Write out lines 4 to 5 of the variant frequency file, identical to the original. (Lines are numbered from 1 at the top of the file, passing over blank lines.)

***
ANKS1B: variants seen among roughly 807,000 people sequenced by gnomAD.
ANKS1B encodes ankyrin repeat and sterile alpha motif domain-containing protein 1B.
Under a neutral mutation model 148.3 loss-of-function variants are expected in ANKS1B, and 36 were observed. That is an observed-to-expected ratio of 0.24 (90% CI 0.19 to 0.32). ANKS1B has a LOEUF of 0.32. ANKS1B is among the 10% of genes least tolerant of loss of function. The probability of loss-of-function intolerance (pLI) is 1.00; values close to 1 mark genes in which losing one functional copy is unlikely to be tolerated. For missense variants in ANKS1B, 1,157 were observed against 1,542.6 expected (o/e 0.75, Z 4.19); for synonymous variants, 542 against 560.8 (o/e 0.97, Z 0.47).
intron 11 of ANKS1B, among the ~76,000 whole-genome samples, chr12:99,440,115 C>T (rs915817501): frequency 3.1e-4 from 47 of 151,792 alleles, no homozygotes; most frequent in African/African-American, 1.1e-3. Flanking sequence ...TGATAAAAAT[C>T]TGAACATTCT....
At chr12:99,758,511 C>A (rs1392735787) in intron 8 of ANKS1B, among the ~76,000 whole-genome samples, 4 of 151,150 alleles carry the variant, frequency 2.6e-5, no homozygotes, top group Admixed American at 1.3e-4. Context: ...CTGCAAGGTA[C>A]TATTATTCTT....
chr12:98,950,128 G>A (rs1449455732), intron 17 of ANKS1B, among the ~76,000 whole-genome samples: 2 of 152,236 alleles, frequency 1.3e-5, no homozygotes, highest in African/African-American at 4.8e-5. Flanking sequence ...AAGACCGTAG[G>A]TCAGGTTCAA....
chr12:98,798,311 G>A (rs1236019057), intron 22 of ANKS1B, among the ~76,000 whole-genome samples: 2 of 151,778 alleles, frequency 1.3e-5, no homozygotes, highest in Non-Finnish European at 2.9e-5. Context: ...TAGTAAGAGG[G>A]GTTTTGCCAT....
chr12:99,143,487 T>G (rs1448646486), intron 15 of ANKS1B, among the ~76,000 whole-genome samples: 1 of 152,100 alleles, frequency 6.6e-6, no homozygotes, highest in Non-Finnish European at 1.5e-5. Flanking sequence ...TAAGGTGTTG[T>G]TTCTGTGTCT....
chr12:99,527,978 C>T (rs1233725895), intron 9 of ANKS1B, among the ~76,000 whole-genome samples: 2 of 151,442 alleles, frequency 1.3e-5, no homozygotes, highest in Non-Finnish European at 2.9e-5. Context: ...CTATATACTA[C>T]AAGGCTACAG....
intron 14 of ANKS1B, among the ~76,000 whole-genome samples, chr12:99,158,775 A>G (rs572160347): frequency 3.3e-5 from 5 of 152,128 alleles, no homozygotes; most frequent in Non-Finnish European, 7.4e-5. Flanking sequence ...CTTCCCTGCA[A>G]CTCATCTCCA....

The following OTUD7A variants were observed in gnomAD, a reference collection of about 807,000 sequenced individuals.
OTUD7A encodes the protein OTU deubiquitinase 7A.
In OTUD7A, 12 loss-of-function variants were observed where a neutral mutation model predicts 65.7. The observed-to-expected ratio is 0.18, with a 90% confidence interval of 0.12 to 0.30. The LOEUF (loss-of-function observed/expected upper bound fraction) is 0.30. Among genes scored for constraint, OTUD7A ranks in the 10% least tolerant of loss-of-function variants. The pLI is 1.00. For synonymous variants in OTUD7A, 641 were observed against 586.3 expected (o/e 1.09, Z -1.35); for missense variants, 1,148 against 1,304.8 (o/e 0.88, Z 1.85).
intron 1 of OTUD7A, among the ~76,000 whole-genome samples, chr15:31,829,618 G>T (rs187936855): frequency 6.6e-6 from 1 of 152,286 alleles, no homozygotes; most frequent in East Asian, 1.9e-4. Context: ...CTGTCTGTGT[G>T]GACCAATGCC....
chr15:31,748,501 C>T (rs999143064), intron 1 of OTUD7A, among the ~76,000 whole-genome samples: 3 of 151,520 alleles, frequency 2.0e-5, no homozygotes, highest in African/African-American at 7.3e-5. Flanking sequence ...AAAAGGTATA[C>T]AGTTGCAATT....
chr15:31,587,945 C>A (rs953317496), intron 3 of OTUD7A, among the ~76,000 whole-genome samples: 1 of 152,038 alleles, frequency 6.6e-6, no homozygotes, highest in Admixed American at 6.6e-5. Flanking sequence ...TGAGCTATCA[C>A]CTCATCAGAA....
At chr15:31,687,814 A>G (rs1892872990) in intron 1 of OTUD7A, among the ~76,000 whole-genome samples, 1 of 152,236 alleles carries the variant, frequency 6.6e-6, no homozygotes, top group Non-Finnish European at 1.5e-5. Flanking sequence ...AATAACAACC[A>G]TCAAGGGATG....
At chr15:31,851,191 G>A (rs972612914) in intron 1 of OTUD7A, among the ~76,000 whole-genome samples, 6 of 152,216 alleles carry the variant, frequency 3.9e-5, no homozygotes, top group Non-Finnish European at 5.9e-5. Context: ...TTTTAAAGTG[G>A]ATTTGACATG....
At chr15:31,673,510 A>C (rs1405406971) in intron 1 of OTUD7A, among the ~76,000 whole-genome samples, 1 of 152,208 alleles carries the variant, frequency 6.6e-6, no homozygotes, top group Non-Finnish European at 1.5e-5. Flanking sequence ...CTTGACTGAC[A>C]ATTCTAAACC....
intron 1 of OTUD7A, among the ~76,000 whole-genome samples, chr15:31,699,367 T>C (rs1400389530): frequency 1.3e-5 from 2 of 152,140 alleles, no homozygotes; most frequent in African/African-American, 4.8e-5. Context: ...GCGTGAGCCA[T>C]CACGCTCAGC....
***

intron 11 of ANKS1B, among the ~76,000 whole-genome samples, chr12:99,440,115 C>T (rs915817501): frequency 3.1e-4 from 47 of 151,792 alleles, no homozygotes; most frequent in African/African-American, 1.1e-3. Flanking sequence ...TGATAAAAAT[C>T]TGAACATTCT....
At chr12:99,758,511 C>A (rs1392735787) in intron 8 of ANKS1B, among the ~76,000 whole-genome samples, 4 of 151,150 alleles carry the variant, frequency 2.6e-5, no homozygotes, top group Admixed American at 1.3e-4. Context: ...CTGCAAGGTA[C>A]TATTATTCTT....